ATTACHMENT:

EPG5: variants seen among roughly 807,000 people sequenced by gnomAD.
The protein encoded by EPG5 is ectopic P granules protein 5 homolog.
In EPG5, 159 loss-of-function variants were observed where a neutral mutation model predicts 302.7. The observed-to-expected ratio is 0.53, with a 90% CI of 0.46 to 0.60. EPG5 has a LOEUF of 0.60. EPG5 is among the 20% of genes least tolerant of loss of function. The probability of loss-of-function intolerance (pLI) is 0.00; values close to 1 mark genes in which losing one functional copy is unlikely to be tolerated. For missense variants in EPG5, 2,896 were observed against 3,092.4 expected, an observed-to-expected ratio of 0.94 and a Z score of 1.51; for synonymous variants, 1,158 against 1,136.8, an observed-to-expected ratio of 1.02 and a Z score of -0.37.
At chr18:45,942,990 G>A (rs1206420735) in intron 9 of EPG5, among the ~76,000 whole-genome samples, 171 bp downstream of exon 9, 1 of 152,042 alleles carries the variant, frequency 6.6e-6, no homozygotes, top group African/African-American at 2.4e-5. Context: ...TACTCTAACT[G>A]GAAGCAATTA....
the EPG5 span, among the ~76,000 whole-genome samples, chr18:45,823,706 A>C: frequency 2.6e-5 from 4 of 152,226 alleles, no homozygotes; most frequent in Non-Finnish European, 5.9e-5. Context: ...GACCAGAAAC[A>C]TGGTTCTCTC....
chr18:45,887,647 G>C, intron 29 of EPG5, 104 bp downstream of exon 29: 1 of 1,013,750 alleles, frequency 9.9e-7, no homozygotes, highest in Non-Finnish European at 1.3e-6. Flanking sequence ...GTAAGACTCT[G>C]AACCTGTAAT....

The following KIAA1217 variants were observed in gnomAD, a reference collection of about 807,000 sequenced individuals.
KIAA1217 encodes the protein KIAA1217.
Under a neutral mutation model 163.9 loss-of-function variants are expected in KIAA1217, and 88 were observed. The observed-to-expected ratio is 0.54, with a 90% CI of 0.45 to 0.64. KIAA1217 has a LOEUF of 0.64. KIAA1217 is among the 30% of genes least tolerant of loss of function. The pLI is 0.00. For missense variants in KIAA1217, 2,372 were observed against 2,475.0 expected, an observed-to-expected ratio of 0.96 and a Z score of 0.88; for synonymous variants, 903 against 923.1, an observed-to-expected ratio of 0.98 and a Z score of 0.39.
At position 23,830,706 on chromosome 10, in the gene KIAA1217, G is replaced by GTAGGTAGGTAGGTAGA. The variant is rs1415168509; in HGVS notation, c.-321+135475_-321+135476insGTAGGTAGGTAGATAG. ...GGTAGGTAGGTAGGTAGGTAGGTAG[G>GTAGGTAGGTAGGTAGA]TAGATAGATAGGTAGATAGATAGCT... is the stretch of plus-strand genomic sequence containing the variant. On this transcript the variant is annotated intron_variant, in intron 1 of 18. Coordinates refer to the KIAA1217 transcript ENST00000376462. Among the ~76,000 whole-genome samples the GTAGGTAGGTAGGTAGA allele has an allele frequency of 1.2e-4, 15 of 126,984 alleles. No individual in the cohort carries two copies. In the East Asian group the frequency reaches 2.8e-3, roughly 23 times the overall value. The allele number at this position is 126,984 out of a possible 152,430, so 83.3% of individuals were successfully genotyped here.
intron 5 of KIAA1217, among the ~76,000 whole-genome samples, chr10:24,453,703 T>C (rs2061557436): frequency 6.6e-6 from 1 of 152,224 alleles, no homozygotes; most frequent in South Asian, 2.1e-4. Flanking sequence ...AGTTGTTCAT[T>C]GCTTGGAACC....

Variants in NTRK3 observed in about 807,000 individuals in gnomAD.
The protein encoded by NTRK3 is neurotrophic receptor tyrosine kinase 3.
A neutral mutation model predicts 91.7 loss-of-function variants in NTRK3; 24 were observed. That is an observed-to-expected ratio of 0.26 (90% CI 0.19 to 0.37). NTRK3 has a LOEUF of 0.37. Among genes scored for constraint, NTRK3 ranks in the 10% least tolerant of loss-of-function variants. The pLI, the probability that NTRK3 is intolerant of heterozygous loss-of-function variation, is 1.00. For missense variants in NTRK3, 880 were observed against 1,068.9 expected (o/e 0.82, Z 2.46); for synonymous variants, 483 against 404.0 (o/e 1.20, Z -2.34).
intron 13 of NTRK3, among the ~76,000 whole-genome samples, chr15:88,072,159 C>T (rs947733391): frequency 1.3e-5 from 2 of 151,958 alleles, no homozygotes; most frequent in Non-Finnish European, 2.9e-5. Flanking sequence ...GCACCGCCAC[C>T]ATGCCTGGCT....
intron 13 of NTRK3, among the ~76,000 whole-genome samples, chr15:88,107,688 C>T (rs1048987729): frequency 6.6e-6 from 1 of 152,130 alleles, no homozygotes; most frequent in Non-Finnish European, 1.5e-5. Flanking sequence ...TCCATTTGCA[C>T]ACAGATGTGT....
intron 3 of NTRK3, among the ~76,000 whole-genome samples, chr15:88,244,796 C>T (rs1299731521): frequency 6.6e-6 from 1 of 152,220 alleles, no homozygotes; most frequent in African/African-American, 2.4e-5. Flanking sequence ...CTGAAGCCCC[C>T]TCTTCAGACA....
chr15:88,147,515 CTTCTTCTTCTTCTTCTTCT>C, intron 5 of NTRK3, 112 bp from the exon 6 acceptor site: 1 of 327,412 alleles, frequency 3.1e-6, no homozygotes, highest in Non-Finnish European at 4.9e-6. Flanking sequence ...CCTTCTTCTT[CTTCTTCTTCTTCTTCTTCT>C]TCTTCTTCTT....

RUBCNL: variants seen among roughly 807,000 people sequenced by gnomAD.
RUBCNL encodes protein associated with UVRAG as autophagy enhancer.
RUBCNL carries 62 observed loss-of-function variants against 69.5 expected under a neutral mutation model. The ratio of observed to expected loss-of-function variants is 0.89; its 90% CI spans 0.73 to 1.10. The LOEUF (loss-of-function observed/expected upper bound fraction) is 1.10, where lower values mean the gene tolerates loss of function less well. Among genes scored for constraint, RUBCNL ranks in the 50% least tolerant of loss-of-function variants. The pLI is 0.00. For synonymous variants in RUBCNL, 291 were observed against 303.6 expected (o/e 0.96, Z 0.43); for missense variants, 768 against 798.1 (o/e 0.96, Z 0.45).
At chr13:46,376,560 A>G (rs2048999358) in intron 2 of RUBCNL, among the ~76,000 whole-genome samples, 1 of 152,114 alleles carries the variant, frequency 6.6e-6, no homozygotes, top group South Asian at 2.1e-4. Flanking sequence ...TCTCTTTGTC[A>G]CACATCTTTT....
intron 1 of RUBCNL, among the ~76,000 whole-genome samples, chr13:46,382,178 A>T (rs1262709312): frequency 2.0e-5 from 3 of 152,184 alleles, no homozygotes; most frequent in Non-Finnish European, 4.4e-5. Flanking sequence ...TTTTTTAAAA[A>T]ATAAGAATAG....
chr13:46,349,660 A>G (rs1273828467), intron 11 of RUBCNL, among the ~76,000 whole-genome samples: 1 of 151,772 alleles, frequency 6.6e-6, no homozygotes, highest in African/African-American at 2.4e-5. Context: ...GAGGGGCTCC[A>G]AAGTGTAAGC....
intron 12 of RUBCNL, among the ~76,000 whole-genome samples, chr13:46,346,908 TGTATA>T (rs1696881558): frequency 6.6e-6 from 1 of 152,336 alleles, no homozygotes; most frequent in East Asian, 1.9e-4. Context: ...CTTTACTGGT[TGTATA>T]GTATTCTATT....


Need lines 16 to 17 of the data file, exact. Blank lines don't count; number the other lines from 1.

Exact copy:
intron 13 of NTRK3, among the ~76,000 whole-genome samples, chr15:88,107,688 C>T (rs1048987729): frequency 6.6e-6 from 1 of 152,130 alleles, no homozygotes; most frequent in Non-Finnish European, 1.5e-5. Flanking sequence ...TCCATTTGCA[C>T]ACAGATGTGT....
intron 3 of NTRK3, among the ~76,000 whole-genome samples, chr15:88,244,796 C>T (rs1299731521): frequency 6.6e-6 from 1 of 152,220 alleles, no homozygotes; most frequent in African/African-American, 2.4e-5. Flanking sequence ...CTGAAGCCCC[C>T]TCTTCAGACA....